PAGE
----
Archaeology in Action: Excavating a Brick Tenement


Posted on July 6, 2023 by archaeology
archaeology


On the corner of South Royal and Madison Streets, archaeologists uncovered the remains of a large brick structure while working on the I-10 Mobile River Bridge (MRB) Archaeology Project.  Originally constructed in the mid-19th century as part of Otis Mills, it was later converted to a residential tenement building.  The site, known as the Old Water Street Site (or 1MB552), was one of 15 sites excavated for the I-10 MRB Project.

William Otis’s mill was established in 1859 and occupied several blocks along the Mobile waterfront. According to historic maps, the brick building was part of a pail factory, and was converted to tenement housing by 1880. The building was demolished sometime between 1904 and 1915, and by 1924, the property was used as a sheet metal works.

1891 map of the tenements

This 1891 Sanborn Fire Insurance Map shows the location of the brick structure in the top left corner. On a Sanborn Map, red indicates a brick structure, while yellow indicates wood. Note that the word “Tenements” appears across the building. The map on the right shows the location of the site (in red) and the other sites for the I-10 MRB Archaeology Project (in gray).


Historical maps show the brick structure had a tin over slate roof and consisted of 9 rooms, 7 of which we excavated. Archaeological excavations revealed information about how the building was constructed. The structure consisted of articulated brickworks, including interior walls that separated rooms and the exterior walls of the structure itself (below).

buried remnants of the tenement brick walls

The base of one of the brick walls that separated the rooms of the structure.


In places, we also recovered remains if the original wood floor under demolition debris (below), as well as structural cross beams that likely fell from the ceiling when the building was demolished. The building was located on man-made land atop what was once marshland along Mobile Bay. To prevent settling of the building into the former marsh, it appears the foundation included a crushed shell lining.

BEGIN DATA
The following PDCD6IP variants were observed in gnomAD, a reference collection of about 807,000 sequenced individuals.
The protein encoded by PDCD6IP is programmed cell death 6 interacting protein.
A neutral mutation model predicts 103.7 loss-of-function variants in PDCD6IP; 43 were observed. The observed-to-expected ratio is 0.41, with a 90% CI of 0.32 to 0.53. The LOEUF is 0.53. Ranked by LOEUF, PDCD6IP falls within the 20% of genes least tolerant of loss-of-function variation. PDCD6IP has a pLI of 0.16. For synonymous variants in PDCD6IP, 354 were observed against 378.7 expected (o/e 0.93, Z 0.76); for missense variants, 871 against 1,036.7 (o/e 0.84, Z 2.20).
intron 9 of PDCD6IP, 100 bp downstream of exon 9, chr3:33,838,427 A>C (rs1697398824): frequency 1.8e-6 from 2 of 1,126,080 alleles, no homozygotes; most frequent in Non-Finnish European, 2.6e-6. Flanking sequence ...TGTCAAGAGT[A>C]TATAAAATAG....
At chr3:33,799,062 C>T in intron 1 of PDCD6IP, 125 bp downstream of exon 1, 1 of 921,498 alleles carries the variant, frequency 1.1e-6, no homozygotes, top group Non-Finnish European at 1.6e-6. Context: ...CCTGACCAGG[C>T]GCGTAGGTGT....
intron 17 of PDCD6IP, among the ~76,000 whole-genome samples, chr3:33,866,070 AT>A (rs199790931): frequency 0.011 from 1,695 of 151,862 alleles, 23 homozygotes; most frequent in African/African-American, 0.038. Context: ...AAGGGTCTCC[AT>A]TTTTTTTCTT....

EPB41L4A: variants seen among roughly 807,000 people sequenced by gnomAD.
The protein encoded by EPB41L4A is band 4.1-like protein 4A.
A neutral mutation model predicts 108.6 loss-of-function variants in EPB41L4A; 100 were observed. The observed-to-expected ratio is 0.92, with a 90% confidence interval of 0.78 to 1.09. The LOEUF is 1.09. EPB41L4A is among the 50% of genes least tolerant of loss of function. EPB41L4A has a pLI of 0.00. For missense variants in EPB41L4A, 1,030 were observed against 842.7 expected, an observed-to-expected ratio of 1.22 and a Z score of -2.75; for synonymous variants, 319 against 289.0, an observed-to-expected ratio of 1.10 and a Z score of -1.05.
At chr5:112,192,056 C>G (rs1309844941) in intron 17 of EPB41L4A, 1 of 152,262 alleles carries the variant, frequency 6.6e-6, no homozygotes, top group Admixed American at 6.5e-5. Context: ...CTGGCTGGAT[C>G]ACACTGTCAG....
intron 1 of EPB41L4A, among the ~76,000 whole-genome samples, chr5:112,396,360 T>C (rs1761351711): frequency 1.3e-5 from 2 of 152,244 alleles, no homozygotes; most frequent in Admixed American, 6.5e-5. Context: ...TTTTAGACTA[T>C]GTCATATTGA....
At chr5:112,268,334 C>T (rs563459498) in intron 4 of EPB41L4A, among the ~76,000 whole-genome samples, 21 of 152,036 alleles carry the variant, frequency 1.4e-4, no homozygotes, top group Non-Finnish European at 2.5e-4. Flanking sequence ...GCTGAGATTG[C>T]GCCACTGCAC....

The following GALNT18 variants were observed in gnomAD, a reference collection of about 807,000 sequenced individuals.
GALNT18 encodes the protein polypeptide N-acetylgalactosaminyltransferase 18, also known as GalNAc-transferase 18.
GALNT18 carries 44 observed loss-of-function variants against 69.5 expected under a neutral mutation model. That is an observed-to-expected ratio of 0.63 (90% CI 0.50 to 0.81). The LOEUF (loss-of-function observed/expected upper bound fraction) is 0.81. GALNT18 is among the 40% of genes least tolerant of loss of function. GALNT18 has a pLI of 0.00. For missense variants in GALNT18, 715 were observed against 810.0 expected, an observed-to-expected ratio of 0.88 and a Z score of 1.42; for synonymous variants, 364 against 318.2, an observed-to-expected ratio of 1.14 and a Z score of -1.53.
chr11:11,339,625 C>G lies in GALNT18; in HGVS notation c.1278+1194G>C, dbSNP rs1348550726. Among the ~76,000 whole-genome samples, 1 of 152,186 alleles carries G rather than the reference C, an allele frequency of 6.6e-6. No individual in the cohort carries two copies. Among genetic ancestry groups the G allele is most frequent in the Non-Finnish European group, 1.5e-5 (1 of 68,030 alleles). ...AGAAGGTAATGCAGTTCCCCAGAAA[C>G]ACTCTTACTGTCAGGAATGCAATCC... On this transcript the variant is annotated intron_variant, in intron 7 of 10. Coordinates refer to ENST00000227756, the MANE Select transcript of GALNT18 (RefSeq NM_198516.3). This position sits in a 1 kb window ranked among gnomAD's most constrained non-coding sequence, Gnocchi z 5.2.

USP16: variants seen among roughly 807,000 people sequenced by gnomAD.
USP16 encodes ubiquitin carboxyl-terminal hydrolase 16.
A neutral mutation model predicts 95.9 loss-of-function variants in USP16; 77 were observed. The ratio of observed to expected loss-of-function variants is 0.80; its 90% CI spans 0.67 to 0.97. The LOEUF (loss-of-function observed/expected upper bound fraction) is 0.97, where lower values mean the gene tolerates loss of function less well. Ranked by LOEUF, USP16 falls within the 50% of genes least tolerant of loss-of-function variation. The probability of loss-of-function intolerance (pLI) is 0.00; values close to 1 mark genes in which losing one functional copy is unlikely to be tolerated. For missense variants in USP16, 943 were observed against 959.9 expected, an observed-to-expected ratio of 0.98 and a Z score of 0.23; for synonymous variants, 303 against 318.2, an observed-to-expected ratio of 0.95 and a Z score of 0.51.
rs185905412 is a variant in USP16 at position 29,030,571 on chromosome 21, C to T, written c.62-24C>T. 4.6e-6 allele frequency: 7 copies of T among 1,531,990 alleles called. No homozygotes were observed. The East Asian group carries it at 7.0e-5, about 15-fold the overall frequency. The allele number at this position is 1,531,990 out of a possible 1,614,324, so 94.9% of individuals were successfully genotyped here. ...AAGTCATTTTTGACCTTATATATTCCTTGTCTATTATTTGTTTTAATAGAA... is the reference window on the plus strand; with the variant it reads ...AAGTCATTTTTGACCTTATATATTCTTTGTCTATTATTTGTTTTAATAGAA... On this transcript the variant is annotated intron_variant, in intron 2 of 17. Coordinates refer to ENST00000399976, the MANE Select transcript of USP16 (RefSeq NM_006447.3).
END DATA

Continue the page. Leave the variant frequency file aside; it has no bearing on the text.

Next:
wooden floor remains

Remains of the wood floor from the tenement structure. Note the brick rubble in the excavation unit wall at the top of the photo.


Archaeological evidence also identified how the structure changed over time. Some remodeling was done to the exterior walls, possible as a result of hurricane damage. Additionally, around the turn of the 20th century, one of the rooms on the interior of the structure was removed. This divided the building into two sections, separating the northern two rooms from the southern part of the structure. The conversion of the middle room’s interior walls to exterior walls is visible the soil layers (below). 

Trench revealing different soils

The builder’s trench between two rooms in the structure. The mottled orange and brown soil deposit evidences how the trench was dug into during remodeling. 


At that time, the 1904 map shows the northern part of the structure was used as an office, two of the rooms had been converted to lumber storage, and four of the rooms were still being rented as tenements. As we continue our artifact analysis, we hope to learn about the people who lived in the tenement house.

This information was presented by Thomas J. Grace at the Southeastern Archaeological Conference in Little Rock, Arkansas. Check out his poster  or check out our other posters from the conference

 

 

 


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